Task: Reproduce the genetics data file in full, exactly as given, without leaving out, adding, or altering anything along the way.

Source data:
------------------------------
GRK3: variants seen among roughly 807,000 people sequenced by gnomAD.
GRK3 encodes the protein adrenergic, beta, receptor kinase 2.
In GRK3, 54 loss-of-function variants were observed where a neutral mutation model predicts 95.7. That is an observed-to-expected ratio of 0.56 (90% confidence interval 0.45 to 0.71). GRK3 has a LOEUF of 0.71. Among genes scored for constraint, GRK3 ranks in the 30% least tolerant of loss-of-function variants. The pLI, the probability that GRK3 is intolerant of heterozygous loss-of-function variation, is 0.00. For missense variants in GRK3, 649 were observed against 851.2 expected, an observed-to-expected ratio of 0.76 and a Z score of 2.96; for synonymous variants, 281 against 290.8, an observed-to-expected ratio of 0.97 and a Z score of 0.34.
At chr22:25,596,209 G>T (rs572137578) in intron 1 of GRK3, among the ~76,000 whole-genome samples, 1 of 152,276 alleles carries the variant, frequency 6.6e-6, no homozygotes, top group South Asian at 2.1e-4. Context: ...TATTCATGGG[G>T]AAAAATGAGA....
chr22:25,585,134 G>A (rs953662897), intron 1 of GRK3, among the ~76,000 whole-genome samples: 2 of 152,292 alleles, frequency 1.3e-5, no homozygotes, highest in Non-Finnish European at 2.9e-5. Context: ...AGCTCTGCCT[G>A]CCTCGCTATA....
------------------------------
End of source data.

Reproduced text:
GRK3: variants seen among roughly 807,000 people sequenced by gnomAD.
GRK3 encodes the protein adrenergic, beta, receptor kinase 2.
In GRK3, 54 loss-of-function variants were observed where a neutral mutation model predicts 95.7. That is an observed-to-expected ratio of 0.56 (90% confidence interval 0.45 to 0.71). GRK3 has a LOEUF of 0.71. Among genes scored for constraint, GRK3 ranks in the 30% least tolerant of loss-of-function variants. The pLI, the probability that GRK3 is intolerant of heterozygous loss-of-function variation, is 0.00. For missense variants in GRK3, 649 were observed against 851.2 expected, an observed-to-expected ratio of 0.76 and a Z score of 2.96; for synonymous variants, 281 against 290.8, an observed-to-expected ratio of 0.97 and a Z score of 0.34.
At chr22:25,596,209 G>T (rs572137578) in intron 1 of GRK3, among the ~76,000 whole-genome samples, 1 of 152,276 alleles carries the variant, frequency 6.6e-6, no homozygotes, top group South Asian at 2.1e-4. Context: ...TATTCATGGG[G>T]AAAAATGAGA....
chr22:25,585,134 G>A (rs953662897), intron 1 of GRK3, among the ~76,000 whole-genome samples: 2 of 152,292 alleles, frequency 1.3e-5, no homozygotes, highest in Non-Finnish European at 2.9e-5. Context: ...AGCTCTGCCT[G>A]CCTCGCTATA....